It is an Interrogator after all! A machine designed by our forebears to plumb the depths of a man’s mind, and heart. Yes, Haggai a man’s! And that is what I saw! The captive’s cares, his fears, his sorrows were the same as my own. God help me, but I saw the face of his dead son and it was like looking at my Daniel! I felt his pain, his loss,” the weapons master clutched again at the manservant and Haggai knew his grip on sanity was every bit as desperate. “I tell you, for this is the truth! They are just like us. They are human!”
Haggai was silent as the old man’s tears fell upon his shoulder. He watched the cold, first light growing through the cloud and dust that swirled outside the window. He could not doubt his master but it was so contrary, so at odds with all that he had been told. Presently he said: “Can it truly be as you say, my Lord? Do they not look different to us? Did they not come here from another planet?”
Lord Limbold shook his head. “Nay, Haggai, the books are clear. There are no hospitable worlds within a lifetime’s journey of this rock. It is a myth – a lie! It is another deceit to prolong the hatred. As for how they look, well he seemed abhorrent at first. There were scars, the thickness and pallor of his skin. He had a prosthetic eye that was frightening to behold but no less horrific than that brute Dhorvush with his head in a wire bag! As soon as the Interrogator began to work I knew. I knew that he was a man. A man like me - a man to whose destruction you and I and the hundreds of generations of our ancestors have dedicated their lives.”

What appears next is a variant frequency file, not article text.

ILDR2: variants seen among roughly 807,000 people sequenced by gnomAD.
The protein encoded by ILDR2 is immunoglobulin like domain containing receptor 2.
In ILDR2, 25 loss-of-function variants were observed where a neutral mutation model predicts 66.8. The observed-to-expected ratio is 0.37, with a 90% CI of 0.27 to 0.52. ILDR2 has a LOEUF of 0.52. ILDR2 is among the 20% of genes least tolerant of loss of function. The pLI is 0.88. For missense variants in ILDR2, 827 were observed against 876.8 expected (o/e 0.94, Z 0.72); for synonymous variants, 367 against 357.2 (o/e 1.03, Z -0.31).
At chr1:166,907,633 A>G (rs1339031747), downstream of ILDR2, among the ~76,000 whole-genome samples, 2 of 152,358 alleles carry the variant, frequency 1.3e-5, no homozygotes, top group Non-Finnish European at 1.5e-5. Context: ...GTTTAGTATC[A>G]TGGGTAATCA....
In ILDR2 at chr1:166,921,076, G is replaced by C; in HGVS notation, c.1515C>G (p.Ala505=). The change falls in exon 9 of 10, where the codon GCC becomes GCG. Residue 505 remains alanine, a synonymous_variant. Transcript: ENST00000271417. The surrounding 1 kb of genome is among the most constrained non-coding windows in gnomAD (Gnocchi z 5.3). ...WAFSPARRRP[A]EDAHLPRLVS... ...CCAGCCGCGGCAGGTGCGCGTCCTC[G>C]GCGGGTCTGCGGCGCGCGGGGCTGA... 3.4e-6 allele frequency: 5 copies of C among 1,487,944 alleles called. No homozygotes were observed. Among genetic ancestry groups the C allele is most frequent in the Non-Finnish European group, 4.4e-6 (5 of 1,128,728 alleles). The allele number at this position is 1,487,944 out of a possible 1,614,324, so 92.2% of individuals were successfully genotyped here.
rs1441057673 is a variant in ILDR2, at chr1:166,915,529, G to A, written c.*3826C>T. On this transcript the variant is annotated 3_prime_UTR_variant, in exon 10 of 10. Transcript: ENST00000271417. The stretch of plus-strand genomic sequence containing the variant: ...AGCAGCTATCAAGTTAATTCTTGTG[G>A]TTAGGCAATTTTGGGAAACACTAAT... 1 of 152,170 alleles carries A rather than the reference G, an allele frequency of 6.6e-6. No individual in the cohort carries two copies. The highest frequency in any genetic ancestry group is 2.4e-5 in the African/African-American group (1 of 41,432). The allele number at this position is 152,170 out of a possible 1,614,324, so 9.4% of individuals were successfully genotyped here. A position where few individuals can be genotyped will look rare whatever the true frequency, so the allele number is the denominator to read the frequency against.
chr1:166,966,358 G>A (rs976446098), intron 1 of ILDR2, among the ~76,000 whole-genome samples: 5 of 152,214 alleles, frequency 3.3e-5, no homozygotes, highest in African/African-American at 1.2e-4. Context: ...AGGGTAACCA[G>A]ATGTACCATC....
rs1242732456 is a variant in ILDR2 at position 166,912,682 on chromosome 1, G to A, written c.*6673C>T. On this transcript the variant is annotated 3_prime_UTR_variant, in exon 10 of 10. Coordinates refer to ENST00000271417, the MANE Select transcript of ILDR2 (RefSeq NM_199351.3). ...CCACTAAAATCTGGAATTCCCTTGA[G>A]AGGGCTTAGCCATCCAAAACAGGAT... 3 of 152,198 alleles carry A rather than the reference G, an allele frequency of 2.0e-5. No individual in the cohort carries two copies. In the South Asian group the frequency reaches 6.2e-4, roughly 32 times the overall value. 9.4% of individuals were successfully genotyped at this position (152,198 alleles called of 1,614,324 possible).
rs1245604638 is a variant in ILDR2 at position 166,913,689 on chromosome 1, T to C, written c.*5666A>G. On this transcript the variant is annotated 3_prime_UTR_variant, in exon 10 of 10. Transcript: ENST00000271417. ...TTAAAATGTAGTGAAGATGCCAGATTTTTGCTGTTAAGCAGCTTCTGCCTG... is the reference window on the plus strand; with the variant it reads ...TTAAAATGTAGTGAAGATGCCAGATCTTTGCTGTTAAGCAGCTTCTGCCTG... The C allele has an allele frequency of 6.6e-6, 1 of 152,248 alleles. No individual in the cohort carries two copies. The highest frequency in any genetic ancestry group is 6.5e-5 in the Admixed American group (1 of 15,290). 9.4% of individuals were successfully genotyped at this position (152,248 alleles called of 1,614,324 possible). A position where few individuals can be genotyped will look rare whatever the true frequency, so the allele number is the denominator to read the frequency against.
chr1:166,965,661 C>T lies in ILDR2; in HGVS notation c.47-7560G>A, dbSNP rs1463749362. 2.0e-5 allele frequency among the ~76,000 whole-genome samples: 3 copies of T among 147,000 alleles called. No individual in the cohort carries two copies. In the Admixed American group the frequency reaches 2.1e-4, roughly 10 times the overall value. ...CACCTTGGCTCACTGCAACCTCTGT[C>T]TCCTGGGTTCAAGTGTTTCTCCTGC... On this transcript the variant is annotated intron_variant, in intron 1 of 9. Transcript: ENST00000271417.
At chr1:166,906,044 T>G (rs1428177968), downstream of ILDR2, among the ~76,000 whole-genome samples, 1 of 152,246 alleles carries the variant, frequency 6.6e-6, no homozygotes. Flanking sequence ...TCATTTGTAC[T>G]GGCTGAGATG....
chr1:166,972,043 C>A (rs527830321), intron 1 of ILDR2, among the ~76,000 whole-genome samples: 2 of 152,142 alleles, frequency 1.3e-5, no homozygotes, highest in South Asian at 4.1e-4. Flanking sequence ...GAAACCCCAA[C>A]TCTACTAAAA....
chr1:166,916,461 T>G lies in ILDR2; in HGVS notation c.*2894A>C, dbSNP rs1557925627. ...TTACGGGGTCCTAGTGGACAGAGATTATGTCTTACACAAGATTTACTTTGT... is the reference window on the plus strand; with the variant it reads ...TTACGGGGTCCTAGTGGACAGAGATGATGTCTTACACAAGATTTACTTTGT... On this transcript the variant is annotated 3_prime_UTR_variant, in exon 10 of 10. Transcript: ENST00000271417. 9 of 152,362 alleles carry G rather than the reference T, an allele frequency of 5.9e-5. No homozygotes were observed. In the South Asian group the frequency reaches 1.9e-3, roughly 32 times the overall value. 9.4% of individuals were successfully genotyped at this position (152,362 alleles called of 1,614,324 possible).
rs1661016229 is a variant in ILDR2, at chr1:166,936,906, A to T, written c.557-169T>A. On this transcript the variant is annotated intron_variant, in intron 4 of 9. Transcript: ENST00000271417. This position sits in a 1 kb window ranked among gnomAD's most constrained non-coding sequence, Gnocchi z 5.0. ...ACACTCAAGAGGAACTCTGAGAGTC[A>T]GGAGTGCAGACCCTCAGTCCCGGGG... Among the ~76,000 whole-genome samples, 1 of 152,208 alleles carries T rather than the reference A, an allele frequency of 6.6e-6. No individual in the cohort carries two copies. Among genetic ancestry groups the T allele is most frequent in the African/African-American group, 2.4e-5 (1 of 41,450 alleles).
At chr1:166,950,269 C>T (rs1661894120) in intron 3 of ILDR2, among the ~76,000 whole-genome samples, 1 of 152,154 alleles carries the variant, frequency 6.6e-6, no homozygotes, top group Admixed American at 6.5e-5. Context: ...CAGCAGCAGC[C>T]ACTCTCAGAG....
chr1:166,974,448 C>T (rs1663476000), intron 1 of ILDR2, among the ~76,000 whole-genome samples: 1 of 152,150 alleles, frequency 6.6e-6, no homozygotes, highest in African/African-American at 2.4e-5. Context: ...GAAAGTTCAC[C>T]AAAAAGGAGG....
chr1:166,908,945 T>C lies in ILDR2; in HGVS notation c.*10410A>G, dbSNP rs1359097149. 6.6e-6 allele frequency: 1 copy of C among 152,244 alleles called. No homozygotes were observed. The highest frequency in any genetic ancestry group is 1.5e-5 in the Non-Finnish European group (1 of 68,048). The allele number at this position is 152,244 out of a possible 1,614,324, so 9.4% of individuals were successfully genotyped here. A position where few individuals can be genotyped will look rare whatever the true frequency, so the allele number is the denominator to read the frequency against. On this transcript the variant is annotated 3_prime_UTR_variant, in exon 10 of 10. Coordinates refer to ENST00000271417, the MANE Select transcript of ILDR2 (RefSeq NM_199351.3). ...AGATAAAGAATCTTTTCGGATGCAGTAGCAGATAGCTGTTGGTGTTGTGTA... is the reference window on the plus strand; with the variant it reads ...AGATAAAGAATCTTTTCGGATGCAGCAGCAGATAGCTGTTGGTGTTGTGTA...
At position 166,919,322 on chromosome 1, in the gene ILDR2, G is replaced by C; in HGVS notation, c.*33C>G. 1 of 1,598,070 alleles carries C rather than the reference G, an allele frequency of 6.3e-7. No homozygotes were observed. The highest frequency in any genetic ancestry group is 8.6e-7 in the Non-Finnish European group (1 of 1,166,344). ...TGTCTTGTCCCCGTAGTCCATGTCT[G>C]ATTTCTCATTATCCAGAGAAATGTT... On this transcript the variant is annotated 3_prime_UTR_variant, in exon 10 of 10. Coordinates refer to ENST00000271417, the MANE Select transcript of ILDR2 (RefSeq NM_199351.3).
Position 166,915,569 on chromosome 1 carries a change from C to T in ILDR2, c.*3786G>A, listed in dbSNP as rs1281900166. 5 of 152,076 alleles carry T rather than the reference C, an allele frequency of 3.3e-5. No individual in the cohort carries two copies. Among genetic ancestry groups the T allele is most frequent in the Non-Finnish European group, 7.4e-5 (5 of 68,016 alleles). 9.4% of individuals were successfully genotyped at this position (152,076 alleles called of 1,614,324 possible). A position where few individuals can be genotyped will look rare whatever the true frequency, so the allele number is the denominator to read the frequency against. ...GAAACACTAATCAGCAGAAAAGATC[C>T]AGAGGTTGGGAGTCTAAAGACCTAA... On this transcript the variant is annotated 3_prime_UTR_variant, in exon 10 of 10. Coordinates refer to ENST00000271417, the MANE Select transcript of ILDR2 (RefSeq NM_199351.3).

“But why...” said the manservant, bewildered
“Why? Maybe instead you should ask when. When did it become our purpose to destroy them? Did it start before the Great Migration or the War of the First Republic? Perhaps it pre-dates the closure of the middle-sea or even the Great Impact. Perhaps the conflict has its ultimate roots in the Plague Wars or the Holocaust that finally brought the third age to an end. Who can say? History does not. For war is all consuming and history itself has been destroyed; its lessons usurped as all human endeavour is twisted to serve the twin tyrants of survival and the destruction of that which threatens it.